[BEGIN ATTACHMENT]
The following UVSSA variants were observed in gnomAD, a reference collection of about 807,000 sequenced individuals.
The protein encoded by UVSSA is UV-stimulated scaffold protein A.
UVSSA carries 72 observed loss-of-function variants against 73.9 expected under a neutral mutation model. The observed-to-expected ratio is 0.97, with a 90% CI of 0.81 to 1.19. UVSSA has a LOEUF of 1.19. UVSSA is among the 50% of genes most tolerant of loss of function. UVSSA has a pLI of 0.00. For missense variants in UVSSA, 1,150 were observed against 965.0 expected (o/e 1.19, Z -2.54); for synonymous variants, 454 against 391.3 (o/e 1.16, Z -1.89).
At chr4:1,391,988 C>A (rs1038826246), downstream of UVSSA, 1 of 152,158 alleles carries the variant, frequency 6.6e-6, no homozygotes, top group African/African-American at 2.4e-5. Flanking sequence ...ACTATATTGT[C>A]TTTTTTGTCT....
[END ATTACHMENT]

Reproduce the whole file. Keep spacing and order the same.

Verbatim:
The following UVSSA variants were observed in gnomAD, a reference collection of about 807,000 sequenced individuals.
The protein encoded by UVSSA is UV-stimulated scaffold protein A.
UVSSA carries 72 observed loss-of-function variants against 73.9 expected under a neutral mutation model. The observed-to-expected ratio is 0.97, with a 90% CI of 0.81 to 1.19. UVSSA has a LOEUF of 1.19. UVSSA is among the 50% of genes most tolerant of loss of function. UVSSA has a pLI of 0.00. For missense variants in UVSSA, 1,150 were observed against 965.0 expected (o/e 1.19, Z -2.54); for synonymous variants, 454 against 391.3 (o/e 1.16, Z -1.89).
At chr4:1,391,988 C>A (rs1038826246), downstream of UVSSA, 1 of 152,158 alleles carries the variant, frequency 6.6e-6, no homozygotes, top group African/African-American at 2.4e-5. Flanking sequence ...ACTATATTGT[C>A]TTTTTTGTCT....